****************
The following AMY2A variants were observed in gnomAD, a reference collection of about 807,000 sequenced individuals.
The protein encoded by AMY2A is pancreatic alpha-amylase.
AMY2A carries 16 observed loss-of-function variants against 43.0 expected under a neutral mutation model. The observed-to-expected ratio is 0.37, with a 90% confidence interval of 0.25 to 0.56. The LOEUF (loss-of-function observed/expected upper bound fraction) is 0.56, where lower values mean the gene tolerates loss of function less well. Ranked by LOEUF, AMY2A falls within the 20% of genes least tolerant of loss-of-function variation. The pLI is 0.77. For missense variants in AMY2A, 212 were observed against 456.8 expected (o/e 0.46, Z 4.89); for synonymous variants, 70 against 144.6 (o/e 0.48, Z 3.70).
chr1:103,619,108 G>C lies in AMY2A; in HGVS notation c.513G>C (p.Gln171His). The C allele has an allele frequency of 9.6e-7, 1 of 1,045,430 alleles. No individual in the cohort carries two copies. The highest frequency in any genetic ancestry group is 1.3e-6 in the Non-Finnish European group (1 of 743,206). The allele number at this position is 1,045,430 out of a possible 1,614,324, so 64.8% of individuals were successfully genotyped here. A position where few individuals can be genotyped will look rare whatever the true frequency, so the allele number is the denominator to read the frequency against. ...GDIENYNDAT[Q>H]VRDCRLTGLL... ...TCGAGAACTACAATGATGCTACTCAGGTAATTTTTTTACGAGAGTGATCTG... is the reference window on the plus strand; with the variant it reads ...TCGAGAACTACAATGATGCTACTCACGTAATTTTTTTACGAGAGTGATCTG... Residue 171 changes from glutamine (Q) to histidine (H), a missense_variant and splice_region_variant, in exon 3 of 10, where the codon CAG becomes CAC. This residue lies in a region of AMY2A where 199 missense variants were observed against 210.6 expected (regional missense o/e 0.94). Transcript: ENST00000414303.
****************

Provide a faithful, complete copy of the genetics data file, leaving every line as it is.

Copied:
The following AMY2A variants were observed in gnomAD, a reference collection of about 807,000 sequenced individuals.
The protein encoded by AMY2A is pancreatic alpha-amylase.
AMY2A carries 16 observed loss-of-function variants against 43.0 expected under a neutral mutation model. The observed-to-expected ratio is 0.37, with a 90% confidence interval of 0.25 to 0.56. The LOEUF (loss-of-function observed/expected upper bound fraction) is 0.56, where lower values mean the gene tolerates loss of function less well. Ranked by LOEUF, AMY2A falls within the 20% of genes least tolerant of loss-of-function variation. The pLI is 0.77. For missense variants in AMY2A, 212 were observed against 456.8 expected (o/e 0.46, Z 4.89); for synonymous variants, 70 against 144.6 (o/e 0.48, Z 3.70).
chr1:103,619,108 G>C lies in AMY2A; in HGVS notation c.513G>C (p.Gln171His). The C allele has an allele frequency of 9.6e-7, 1 of 1,045,430 alleles. No individual in the cohort carries two copies. The highest frequency in any genetic ancestry group is 1.3e-6 in the Non-Finnish European group (1 of 743,206). The allele number at this position is 1,045,430 out of a possible 1,614,324, so 64.8% of individuals were successfully genotyped here. A position where few individuals can be genotyped will look rare whatever the true frequency, so the allele number is the denominator to read the frequency against. ...GDIENYNDAT[Q>H]VRDCRLTGLL... ...TCGAGAACTACAATGATGCTACTCAGGTAATTTTTTTACGAGAGTGATCTG... is the reference window on the plus strand; with the variant it reads ...TCGAGAACTACAATGATGCTACTCACGTAATTTTTTTACGAGAGTGATCTG... Residue 171 changes from glutamine (Q) to histidine (H), a missense_variant and splice_region_variant, in exon 3 of 10, where the codon CAG becomes CAC. This residue lies in a region of AMY2A where 199 missense variants were observed against 210.6 expected (regional missense o/e 0.94). Transcript: ENST00000414303.